Wildlife Research Wildlife Research Society
Ecology, management and conservation in natural and modified habitats

Ground Surface Features Attributable to Feral Buffalo, Bubalus bubalis I. Their Distribution relative to Vegetation Structure and Plant Lifeform

JA Taylor and GR Friend

Australian Wildlife Research 11(2) 303 - 309
Published: 1984


Relationships among ground surface features attributable to feral buffalo (viz. wallows, trails, pug marks and dung pats), vegetation structure, and lifeform spectrum were examined in both dry and wet seasons in a tropical monsoonal area of northern Australia. In the dry season, the frequency of pug marks was negatively correlated with the number of trails and dung pats, and positively correlated with the number of wallows. In the wet season only dung pats and wallows were significantly correlated. In the dry season, wallows were not associated with any vegetation structure or lifeform attribute, but in the wet season they were associated with dense foliage <1 m high. Trails occurred in areas of low dense vegetation (<0.5 m) in the dry season, but in the wet were uncommon and positively associated with lianas. Pug marks occurred mainly in the lower-elevation, treeless areas dominated by forbs. Whereas the nature and strength of the relationships of pug marks to plant lifeform or vegetation structure remained constant from season to season, those involving dung pats changed seasonally. In the dry season, dung pats were associated with the higher-elevation areas where trees, lianas, dense mid-level foliage (1.5-2.5 m) and leaf-litter were common. In the wet, they were associated with low vegetation (<1 m) dominated by forbs, and were negatively correlated with the factors important in the dry.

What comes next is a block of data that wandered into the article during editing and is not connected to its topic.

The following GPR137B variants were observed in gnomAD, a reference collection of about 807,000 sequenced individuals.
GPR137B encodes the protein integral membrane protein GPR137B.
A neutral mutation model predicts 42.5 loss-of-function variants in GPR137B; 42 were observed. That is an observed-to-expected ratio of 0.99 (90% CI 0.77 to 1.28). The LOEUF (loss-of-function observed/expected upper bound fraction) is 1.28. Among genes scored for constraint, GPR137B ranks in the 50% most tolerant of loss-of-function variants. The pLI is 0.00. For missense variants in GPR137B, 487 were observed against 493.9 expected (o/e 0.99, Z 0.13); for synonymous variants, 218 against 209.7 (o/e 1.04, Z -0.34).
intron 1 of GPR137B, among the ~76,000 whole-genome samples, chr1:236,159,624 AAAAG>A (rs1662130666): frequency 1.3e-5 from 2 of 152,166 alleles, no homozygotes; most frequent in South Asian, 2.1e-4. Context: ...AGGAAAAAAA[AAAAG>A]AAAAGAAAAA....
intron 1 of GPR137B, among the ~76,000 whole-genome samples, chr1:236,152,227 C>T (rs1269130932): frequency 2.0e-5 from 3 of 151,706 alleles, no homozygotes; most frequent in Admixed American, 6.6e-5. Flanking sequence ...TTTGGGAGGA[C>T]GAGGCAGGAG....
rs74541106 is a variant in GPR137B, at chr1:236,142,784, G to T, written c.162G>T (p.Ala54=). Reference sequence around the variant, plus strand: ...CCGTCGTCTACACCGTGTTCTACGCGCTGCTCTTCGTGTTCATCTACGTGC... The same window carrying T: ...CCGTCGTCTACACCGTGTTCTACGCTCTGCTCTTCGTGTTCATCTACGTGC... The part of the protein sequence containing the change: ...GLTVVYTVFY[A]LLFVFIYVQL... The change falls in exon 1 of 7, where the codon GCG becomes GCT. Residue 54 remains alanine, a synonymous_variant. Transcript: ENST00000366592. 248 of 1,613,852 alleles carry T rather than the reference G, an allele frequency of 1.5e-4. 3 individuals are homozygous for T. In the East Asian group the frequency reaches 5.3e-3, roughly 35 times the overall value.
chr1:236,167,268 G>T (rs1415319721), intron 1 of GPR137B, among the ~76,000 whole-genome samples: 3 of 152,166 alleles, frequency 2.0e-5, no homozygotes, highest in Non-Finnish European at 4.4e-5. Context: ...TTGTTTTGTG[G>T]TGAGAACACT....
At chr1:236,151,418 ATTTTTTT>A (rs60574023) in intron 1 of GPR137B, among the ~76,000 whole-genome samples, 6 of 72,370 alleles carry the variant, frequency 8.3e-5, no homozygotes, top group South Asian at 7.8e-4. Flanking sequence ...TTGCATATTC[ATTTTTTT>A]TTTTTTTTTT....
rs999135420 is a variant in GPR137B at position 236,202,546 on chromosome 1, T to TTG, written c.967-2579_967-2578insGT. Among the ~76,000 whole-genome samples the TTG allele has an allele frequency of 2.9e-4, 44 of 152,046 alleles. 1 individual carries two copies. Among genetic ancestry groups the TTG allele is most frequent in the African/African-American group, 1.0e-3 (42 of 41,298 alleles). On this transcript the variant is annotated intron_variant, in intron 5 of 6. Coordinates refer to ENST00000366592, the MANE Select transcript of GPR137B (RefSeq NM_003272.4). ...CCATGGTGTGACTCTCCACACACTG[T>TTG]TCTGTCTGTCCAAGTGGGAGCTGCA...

© CSIRO 1984

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